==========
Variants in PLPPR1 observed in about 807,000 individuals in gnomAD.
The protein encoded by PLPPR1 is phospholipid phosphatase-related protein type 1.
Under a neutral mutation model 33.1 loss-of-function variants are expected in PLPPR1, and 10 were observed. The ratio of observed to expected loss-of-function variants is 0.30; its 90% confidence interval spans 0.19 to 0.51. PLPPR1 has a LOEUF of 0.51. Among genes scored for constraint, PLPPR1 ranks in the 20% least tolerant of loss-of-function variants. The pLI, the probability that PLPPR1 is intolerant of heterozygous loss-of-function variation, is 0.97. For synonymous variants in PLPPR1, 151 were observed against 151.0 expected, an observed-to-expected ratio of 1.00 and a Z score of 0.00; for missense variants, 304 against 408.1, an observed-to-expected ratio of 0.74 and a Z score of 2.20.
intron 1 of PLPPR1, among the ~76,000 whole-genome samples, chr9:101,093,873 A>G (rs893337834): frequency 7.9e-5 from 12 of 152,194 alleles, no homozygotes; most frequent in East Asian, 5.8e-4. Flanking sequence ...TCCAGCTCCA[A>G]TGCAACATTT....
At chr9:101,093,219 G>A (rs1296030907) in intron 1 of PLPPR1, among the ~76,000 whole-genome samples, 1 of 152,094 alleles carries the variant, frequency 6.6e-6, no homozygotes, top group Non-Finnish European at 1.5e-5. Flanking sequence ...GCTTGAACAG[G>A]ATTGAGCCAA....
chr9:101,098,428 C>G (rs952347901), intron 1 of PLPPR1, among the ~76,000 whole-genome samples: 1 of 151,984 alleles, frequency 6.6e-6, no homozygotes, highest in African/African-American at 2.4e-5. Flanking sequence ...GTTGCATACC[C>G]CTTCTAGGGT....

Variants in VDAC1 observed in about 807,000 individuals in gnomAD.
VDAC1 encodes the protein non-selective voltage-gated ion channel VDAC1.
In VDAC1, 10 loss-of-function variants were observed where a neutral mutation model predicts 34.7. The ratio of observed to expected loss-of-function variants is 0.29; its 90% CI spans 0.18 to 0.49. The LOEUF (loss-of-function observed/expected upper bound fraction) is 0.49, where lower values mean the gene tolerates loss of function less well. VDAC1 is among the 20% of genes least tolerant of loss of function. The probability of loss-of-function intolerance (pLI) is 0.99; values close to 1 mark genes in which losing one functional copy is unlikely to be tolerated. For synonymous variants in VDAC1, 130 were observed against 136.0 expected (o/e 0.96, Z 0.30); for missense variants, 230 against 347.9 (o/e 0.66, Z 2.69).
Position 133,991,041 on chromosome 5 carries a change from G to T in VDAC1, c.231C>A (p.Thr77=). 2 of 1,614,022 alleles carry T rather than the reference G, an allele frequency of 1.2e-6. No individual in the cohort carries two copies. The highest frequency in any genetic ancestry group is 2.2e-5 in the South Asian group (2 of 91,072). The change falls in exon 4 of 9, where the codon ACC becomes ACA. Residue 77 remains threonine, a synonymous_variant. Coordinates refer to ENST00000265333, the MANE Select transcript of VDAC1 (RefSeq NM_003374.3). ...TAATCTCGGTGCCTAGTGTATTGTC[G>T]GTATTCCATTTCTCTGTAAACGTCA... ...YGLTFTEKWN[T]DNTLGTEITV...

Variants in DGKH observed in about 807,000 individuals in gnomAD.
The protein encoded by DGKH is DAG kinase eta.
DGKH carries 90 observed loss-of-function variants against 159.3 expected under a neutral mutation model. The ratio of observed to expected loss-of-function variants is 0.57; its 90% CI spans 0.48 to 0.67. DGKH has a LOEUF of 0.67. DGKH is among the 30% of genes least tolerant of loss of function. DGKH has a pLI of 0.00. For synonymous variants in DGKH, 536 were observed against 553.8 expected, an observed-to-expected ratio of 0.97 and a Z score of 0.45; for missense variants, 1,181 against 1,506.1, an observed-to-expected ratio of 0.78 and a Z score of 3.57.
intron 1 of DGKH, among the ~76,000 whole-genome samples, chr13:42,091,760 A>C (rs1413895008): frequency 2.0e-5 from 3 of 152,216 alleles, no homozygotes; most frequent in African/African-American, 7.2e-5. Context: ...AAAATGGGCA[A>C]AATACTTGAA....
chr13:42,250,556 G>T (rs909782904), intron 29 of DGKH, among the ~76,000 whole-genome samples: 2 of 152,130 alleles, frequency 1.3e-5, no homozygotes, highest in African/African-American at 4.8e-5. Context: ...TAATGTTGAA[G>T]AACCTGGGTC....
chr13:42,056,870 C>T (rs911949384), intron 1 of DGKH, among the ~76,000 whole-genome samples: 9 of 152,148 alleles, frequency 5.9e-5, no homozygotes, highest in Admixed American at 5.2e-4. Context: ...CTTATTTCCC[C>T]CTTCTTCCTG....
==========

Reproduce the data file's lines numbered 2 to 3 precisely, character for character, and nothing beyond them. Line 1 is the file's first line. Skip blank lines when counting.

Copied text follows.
The protein encoded by PLPPR1 is phospholipid phosphatase-related protein type 1.
Under a neutral mutation model 33.1 loss-of-function variants are expected in PLPPR1, and 10 were observed. The ratio of observed to expected loss-of-function variants is 0.30; its 90% confidence interval spans 0.19 to 0.51. PLPPR1 has a LOEUF of 0.51. Among genes scored for constraint, PLPPR1 ranks in the 20% least tolerant of loss-of-function variants. The pLI, the probability that PLPPR1 is intolerant of heterozygous loss-of-function variation, is 0.97. For synonymous variants in PLPPR1, 151 were observed against 151.0 expected, an observed-to-expected ratio of 1.00 and a Z score of 0.00; for missense variants, 304 against 408.1, an observed-to-expected ratio of 0.74 and a Z score of 2.20.